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The model

Polymers are huge molecules constructed out of many identical building blocks called monomers. Here we shall restrict ourselves to linear molecules in which every monomer has one successor and/or predecessor. The number of monomers per polymer may vary from a few hundreds to many thousands.

The simplest example of a polymer is drawn below.

Figure 1.1: A simple polymer in the trans conformation.

The polymer is drawn here in the trans conformation . Many other conformations exist, and it is the aim of the RIS model  to describe the statistics of these conformations.

We shall describe the conformation of the polymer by giving the position vectors  of its backbone atoms, in this case the carbon atoms. The positions of the remaining atoms then usually follow by simple chemical rules. So, suppose we have N+1 monomers, then we have N+1position vectors

\begin{displaymath}\vec{R}_{0},\vec{R}_{1},\ldots ,\vec{R}_{N}.

We then have N bond vectors 

_{1},\ldots ,\vec{r}_{N}=\vec{R}_{N}-\vec{R}_{N-1}.

Alternatively we may also use the N-2 dihedral angles 

\begin{displaymath}\varphi _{2},\varphi _{3},\ldots ,\varphi _{N-1}.

The dihedral angle $\varphi _{i}$ is the angle between the plane of the vectors $
\vec{r}_{i-1}$ and $\vec{r}_{i}$ and the plane of the vectors $\vec{r}_{i}$and $\vec{r}_{i+1}$. Further conventions will be given later on. In order to completely specify the conformation we should also give the N-1 angles $
\vartheta _{i}$ and the N bond lengths, but we shall consider them to be fixed in the rest of this chapter. This description leaves six variables to fix the centre of mass and the orientation of the molecule.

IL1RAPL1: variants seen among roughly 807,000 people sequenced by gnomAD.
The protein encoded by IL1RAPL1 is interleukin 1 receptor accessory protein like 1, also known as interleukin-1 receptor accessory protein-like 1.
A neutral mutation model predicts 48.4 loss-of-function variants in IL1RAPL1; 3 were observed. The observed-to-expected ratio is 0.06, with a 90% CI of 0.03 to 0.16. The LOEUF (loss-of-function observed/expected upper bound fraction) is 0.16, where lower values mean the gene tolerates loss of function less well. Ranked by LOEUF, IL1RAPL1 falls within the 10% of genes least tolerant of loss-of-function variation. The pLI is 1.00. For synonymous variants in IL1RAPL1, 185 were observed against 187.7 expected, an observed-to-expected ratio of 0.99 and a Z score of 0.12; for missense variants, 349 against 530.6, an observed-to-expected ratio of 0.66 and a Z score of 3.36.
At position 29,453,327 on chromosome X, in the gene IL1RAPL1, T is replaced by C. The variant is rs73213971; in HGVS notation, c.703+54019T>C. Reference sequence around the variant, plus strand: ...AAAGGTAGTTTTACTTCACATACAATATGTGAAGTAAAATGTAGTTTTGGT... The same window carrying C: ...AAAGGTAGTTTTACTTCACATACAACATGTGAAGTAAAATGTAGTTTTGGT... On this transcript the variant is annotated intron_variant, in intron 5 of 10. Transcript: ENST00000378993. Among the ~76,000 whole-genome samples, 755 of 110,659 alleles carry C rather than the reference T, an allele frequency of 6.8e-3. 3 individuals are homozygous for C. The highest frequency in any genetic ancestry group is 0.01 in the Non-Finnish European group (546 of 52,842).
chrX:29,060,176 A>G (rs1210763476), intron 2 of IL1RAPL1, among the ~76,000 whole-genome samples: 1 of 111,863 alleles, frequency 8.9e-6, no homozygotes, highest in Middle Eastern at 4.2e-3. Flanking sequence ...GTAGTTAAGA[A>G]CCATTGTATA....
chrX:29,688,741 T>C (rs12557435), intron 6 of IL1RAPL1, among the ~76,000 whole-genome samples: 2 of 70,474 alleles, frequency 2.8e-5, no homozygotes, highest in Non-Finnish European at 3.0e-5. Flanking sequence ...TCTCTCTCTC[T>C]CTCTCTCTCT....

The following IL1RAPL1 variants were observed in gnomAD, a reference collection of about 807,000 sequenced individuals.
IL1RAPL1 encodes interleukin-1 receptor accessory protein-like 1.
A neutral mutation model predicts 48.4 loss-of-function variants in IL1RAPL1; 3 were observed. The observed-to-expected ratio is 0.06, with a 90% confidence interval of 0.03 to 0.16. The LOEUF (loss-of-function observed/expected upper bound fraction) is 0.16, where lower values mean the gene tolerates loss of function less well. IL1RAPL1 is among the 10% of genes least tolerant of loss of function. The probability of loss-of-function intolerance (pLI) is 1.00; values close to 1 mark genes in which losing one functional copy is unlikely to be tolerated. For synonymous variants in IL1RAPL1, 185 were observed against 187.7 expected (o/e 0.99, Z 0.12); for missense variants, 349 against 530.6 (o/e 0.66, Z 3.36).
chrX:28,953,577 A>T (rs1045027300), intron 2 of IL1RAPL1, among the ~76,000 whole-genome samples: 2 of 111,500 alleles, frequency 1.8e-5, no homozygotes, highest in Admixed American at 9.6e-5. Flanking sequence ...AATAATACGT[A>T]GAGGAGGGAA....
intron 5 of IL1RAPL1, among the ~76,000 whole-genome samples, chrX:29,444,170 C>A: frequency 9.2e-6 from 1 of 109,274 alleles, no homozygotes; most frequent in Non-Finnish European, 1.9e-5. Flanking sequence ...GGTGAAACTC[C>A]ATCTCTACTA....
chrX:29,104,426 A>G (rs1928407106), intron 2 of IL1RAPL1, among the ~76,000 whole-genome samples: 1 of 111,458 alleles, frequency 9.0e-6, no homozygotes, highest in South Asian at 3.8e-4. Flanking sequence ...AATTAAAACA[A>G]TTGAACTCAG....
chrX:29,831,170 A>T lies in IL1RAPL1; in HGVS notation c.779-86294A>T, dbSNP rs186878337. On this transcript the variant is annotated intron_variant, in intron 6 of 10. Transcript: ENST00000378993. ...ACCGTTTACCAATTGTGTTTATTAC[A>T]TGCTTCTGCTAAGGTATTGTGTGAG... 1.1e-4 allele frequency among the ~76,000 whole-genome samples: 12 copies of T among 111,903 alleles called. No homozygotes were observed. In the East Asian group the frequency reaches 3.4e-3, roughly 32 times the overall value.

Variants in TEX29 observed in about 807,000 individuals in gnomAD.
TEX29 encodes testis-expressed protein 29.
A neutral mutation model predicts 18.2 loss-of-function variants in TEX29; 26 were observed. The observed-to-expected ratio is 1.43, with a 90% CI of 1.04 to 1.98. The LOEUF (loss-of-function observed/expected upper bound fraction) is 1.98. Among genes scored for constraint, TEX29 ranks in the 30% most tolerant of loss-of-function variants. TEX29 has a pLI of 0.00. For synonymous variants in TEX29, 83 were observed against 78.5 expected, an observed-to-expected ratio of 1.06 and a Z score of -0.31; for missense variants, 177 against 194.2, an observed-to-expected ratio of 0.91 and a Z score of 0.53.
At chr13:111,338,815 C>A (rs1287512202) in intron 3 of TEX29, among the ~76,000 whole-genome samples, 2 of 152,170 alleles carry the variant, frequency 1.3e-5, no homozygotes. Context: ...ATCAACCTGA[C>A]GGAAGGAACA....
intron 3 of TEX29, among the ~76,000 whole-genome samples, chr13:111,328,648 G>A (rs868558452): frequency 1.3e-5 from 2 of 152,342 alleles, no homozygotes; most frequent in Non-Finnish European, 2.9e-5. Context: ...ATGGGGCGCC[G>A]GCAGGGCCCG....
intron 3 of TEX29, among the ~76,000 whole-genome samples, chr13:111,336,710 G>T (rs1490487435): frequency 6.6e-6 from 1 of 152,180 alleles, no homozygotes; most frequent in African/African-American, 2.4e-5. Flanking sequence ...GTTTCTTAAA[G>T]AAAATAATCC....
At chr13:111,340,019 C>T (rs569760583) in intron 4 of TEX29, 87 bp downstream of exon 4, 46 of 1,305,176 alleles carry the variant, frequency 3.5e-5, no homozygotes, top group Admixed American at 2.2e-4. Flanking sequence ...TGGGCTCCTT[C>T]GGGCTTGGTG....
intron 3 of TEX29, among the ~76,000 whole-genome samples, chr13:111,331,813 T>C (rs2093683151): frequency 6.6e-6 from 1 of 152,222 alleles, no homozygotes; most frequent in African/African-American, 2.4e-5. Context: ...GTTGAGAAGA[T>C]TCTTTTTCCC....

Now first consider the case of n-butane . We have but one dihedral, and the energy as a function of this angle is drawn below.

Figure 1.2: Dihedral angle energy of n-butane.

The conformation with $\varphi =0$ is called the trans conformation , the one with $\varphi \approx 120^{\circ }$ is called gauche plus (g+) , and the one with $\varphi \approx
-120^{\circ }$ is called gauche minus (g-) . Notice that at room temperature only the three minima will be populated which makes it possible to restrict interest to three conformations called t,g+ and g-.

Now let us try to write down the energy of a polymer as a function of the angles $\varphi _{i}$. In order to do so we start with the molecule in its all trans conformation i.e. $\varphi _{i}=t$ for all i. Next we successively bring the angles $\varphi _{2},\varphi _{3},\ldots ,\varphi
_{N-1}$ to their actual values. Every angle will then contribute to the total energy like in the case of butane i.e.

\begin{displaymath}E=\sum_{i=2}^{N-1}\epsilon _{1}(\varphi _{i}).
\end{displaymath} (1.1)

In doing so we have neglected the fact that for example the sequence $
\varphi _{i}~=~g^{+}$, $\varphi _{i+1}=g^{-}$ brings the monomers i-2 and i+2 virtually to the same position, which leads to a larger positive contribution to the energy. The same holds true for the sequence $\varphi
_{i}=g^{-},\varphi _{i+1}=g^{+}$. This phenomenon is called the ''pentane'' effect  because pentane is the smallest molecule in which it may occur. In order to incorporate the pentane effect into our formalism we write

 \begin{displaymath}E=\sum_{i=2}^{N-1}\epsilon _{1}(\varphi _{i})+\sum_{i=3}^{N-1}\epsilon
_{2}(\varphi _{i-1},\varphi _{i}).
\end{displaymath} (1.2)

It will be clear that the above is also only part of the story because we have neglected the possibility that monomers i and i+n (n>4) will occupy the same position. We may say that we have included the short range excluded volume effect , but not the long range excluded volume. Short range and long range here refer to the distance along the chain. Inclusion of long range effects makes the problem virtually intractable, so we stop at the level of Eq. (1.2). We shall say a few qualitative things about the excluded volume effect later on.

next up previous contents index
Next: The partition function Up: The Rotational Isomeric State Previous: The Rotational Isomeric State
W.J. Briels